In the next few weeks, I will be going through the backlog of things I accumulated in the last months that I want to touch in this blog. The first one dates back from october, but ties in nicely with my last posts about CUSEC. It’s from Martin Fowler.

This approach – some people report their story, others copy it with or without success – is the backbone of how a profession can learn. The fact that it’s anecdotal doesn’t stop it from working – after all much of our entire economic system is built on people building on each others’ anecdotes of how businesses should be run.

MF Bliki: AnecdotalEvidence

It’s very tough in software engineering to come up with empirical evidence on a particular practice. Some would say it’s impossible. So we have to rely on anecdotes of what worked for someone on a particular project, in a specific context, with individuals, etc. There are a lot of variables involved which make it difficult to reproduce the practice in your situation. However, it’s the best we can get and it doesn’t mean we can’t learn anything. In fact, I would argue we learn more because it actually forces us to acknowledge the differences in what we’re doing and it forces us to better adapt to our circumstances.

It’s important for our profession that people discuss what they’ve tried, what worked for them, what didn’t, etc. This is why I think conferences like CUSEC are very important. It’s a place to gather and share our experiences. The presentation from Motorola on their adoption of agile practices is the best example of this.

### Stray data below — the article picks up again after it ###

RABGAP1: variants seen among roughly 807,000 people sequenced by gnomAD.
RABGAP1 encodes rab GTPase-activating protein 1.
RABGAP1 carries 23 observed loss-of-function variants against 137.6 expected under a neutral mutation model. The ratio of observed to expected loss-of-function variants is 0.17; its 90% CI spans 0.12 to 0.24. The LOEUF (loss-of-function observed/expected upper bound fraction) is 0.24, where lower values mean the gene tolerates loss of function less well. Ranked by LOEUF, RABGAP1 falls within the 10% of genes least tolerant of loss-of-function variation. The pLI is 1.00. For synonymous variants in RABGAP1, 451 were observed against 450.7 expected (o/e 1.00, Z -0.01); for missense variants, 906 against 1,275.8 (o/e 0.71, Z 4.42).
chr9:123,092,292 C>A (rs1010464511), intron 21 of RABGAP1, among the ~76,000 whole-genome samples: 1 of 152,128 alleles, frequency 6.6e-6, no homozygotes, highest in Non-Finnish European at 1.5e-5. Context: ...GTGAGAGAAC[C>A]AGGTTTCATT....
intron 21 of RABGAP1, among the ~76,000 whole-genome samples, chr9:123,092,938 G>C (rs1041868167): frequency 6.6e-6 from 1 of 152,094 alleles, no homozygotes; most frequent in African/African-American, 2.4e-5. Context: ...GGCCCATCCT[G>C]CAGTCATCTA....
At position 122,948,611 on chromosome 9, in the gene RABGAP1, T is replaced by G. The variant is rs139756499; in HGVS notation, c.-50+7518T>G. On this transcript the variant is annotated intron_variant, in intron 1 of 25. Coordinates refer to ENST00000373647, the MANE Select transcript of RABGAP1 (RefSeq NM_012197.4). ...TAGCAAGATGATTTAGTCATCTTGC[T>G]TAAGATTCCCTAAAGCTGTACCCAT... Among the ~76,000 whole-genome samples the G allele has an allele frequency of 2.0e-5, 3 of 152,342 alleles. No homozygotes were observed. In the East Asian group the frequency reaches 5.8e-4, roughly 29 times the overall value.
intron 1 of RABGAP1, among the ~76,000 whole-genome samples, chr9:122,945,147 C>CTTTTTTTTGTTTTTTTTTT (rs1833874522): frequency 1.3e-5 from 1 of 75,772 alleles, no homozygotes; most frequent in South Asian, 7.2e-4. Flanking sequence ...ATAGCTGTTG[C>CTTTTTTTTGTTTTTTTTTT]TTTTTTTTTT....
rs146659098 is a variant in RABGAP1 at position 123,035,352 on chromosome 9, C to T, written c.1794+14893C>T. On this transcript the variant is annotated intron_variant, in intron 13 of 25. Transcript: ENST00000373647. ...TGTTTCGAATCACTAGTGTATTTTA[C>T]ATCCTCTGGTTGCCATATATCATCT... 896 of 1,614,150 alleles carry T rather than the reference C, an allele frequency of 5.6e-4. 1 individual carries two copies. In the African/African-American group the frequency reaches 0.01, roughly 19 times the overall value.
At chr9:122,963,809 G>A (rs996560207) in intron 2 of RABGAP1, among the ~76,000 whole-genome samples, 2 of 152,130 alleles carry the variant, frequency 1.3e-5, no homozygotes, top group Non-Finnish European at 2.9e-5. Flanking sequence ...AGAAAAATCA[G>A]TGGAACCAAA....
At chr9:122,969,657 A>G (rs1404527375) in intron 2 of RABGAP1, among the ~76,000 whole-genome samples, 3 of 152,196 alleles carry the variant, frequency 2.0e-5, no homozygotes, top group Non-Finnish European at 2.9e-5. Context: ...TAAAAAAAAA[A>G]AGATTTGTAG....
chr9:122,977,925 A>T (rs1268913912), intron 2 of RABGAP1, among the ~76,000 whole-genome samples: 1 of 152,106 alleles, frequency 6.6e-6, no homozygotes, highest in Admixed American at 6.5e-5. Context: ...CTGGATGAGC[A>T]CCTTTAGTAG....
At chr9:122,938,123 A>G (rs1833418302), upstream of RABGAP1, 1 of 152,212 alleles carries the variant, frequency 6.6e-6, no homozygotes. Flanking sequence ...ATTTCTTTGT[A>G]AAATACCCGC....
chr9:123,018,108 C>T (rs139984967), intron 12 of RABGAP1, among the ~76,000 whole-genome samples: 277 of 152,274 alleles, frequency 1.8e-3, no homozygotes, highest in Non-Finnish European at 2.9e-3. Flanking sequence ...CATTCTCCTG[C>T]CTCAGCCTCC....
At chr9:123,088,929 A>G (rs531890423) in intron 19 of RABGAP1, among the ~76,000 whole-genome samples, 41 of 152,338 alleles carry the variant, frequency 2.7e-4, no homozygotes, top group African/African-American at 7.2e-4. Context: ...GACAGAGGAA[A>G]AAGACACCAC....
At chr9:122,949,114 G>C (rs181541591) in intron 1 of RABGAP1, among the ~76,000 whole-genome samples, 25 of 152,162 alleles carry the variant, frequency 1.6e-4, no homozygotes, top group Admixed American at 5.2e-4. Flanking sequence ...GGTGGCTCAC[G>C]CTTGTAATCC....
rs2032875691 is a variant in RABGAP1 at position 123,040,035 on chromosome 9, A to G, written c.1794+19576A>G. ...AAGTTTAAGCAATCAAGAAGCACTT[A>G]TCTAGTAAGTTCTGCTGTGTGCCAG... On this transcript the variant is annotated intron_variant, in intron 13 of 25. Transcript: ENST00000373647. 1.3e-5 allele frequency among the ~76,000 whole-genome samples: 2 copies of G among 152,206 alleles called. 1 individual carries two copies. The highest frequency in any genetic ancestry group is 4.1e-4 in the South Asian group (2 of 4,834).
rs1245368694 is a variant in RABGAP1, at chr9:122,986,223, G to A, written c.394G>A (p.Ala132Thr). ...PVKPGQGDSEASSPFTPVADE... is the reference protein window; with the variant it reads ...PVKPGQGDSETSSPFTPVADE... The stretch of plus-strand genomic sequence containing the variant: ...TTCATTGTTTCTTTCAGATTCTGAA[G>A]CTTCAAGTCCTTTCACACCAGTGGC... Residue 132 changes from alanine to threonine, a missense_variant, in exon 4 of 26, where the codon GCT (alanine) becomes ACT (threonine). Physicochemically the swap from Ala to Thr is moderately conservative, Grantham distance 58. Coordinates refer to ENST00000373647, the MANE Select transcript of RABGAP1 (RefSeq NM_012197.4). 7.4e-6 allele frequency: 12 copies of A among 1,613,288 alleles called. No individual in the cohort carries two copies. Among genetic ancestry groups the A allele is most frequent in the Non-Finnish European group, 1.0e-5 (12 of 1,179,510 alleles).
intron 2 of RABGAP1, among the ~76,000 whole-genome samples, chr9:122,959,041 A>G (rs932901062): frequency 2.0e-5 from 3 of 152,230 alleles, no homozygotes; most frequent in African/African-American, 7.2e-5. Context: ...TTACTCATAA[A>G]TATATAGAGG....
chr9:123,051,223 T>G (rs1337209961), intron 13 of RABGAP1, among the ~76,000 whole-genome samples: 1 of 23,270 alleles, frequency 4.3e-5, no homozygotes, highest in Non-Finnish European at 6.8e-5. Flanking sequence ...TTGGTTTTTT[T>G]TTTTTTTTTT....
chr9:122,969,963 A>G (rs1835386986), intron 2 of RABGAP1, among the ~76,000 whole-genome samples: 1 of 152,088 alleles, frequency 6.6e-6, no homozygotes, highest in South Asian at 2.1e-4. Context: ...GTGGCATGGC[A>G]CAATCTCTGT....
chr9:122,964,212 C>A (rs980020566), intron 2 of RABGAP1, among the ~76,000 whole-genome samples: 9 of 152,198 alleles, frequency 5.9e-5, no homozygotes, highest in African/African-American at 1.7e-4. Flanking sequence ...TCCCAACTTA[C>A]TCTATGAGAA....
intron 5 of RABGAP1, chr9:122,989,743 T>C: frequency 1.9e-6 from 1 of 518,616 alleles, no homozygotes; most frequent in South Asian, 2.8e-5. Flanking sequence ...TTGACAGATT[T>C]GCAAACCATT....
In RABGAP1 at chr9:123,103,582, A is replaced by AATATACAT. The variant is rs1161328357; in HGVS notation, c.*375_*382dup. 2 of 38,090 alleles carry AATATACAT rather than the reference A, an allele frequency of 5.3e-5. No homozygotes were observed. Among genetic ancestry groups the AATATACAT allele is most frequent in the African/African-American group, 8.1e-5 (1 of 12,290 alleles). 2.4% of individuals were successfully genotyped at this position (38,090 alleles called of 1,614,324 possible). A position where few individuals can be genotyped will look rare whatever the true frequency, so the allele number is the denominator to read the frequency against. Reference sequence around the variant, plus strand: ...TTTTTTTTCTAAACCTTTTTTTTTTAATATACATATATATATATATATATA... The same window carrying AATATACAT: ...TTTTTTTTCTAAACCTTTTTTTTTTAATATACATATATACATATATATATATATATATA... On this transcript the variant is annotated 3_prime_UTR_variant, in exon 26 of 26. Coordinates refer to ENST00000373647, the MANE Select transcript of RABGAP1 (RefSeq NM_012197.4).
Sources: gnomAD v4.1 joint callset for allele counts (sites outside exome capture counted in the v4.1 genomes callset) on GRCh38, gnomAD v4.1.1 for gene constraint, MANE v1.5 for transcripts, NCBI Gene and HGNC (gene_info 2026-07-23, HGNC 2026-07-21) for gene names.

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2 Responses to Backblog: Anecdotal Evidence

  1. Alice says:

    Dearest Desiree, I just wanted to tell you why you don’t hear from me. My heltah is not very good, and because of that I had to let go of most of the blogging – comments and daily posts. I hope you are fine, I can see you have done a lot lately of exciting things – I loved the pictures from the old school and how ecxiting with Ikea!! I will visit you from time to time, Desiree, and hope that I can come back fully recovered even if that will take time… Lots of love to you from Laila

  2. Eric says:

    Nice! The Ubuntu One store plugin has a few neat-ish tcirks around injecting JavaScript into the embedded Webkit widget from the external plugin (both the C music-store widget itself, and the Banshee extension that embeds it) that you might find useful for further extending this. Since we went through some of the pain on that front, let me know if you run into problems (captcha: commit it . Ha!)

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